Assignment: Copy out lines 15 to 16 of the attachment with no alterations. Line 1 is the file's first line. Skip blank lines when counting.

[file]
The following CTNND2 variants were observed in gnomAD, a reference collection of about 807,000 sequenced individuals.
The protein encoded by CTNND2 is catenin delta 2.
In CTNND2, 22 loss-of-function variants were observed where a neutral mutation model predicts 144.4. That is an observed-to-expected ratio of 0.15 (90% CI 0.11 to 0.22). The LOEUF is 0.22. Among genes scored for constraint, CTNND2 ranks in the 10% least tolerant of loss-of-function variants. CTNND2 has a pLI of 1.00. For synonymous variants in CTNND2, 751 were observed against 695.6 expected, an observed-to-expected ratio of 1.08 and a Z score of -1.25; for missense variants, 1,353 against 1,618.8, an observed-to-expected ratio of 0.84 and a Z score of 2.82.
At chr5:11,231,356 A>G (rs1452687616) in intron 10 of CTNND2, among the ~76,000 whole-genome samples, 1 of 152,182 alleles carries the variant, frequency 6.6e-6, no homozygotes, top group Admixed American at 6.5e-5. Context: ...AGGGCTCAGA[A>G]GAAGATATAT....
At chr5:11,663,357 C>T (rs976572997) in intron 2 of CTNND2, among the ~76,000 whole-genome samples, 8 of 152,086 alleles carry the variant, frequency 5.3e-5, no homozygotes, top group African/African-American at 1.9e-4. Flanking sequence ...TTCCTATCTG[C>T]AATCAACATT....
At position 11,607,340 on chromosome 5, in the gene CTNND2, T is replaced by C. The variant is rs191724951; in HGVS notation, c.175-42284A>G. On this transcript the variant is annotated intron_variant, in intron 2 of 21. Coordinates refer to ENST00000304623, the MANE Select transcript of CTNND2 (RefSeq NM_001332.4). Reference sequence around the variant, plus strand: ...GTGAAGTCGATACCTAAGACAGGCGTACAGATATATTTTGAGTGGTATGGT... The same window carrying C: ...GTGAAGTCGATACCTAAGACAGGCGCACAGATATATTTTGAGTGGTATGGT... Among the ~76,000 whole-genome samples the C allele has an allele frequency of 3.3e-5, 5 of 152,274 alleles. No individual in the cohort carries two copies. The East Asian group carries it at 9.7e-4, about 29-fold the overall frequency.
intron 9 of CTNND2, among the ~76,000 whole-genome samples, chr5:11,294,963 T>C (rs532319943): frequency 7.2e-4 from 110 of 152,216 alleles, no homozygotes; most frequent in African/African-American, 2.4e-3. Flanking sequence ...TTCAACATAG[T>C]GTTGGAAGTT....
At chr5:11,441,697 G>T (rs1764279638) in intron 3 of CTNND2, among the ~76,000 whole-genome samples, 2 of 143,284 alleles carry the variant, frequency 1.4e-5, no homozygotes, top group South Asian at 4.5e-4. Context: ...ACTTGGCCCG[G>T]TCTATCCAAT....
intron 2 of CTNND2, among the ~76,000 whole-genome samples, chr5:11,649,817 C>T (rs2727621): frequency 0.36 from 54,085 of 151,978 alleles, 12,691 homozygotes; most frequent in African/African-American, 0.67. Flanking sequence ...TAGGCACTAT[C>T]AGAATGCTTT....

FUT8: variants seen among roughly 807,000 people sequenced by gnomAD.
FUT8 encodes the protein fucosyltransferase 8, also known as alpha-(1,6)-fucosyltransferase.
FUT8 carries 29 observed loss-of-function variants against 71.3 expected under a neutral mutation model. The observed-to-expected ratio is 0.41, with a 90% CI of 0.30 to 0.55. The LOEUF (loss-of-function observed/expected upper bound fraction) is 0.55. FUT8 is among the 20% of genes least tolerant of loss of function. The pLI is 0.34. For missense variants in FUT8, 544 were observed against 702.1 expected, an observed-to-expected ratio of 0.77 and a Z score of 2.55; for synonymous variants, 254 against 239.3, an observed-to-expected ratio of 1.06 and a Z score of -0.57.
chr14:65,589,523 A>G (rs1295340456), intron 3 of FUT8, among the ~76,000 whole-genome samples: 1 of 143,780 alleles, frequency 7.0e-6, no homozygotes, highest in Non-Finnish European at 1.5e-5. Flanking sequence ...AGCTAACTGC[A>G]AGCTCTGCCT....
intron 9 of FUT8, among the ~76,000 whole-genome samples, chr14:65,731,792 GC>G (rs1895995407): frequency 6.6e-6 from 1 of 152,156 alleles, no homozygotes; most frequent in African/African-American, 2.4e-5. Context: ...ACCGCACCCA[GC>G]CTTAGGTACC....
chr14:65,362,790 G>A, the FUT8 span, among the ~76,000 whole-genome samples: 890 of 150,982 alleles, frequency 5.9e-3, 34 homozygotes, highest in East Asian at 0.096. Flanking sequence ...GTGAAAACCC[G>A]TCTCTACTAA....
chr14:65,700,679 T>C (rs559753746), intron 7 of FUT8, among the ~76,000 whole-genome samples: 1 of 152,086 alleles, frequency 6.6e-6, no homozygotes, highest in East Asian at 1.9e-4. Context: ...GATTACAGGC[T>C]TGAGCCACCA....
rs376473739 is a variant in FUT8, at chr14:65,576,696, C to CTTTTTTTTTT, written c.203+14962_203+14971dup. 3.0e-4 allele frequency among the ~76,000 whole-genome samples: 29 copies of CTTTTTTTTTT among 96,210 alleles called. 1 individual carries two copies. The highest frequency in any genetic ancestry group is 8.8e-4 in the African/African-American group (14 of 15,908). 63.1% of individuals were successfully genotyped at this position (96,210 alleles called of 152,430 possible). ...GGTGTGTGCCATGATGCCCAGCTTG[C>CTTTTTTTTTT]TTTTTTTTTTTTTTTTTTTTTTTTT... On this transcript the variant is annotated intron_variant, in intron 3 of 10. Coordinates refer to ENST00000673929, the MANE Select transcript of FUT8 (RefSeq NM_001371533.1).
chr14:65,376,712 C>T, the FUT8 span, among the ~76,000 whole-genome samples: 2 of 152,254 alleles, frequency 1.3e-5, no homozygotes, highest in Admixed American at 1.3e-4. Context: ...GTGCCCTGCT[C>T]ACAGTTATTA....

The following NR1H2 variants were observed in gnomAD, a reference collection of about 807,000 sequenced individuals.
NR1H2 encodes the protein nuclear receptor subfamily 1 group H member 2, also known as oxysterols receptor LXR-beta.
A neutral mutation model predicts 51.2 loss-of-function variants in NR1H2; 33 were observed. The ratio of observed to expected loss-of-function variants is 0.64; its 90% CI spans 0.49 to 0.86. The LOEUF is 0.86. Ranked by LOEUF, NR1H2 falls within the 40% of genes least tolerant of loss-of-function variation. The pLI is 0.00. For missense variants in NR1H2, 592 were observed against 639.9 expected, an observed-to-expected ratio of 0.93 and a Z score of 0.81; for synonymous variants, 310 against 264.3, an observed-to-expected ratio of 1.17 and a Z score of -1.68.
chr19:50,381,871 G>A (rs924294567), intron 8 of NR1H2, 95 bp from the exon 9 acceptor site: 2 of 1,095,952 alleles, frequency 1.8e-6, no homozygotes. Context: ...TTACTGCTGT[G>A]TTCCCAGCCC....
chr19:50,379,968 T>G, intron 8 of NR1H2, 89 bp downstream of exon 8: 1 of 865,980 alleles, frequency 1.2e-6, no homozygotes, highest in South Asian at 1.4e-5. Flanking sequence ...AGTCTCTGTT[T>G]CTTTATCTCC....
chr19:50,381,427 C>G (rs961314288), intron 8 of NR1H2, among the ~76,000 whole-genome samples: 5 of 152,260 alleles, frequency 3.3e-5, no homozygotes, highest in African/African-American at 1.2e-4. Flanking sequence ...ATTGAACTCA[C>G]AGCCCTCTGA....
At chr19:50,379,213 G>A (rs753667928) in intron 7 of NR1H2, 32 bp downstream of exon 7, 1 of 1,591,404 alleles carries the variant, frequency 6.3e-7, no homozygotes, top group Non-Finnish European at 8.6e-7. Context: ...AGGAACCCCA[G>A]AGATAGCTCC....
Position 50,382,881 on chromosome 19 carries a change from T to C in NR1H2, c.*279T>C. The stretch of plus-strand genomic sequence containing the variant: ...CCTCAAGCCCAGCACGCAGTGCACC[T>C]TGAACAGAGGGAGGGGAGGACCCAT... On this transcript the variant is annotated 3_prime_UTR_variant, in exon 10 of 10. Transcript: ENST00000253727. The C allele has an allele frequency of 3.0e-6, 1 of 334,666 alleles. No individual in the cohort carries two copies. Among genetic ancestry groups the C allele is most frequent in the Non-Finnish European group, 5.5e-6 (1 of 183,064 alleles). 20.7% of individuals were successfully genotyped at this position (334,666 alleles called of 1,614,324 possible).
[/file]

chr14:65,362,790 G>A, the FUT8 span, among the ~76,000 whole-genome samples: 890 of 150,982 alleles, frequency 5.9e-3, 34 homozygotes, highest in East Asian at 0.096. Flanking sequence ...GTGAAAACCC[G>A]TCTCTACTAA....
chr14:65,700,679 T>C (rs559753746), intron 7 of FUT8, among the ~76,000 whole-genome samples: 1 of 152,086 alleles, frequency 6.6e-6, no homozygotes, highest in East Asian at 1.9e-4. Context: ...GATTACAGGC[T>C]TGAGCCACCA....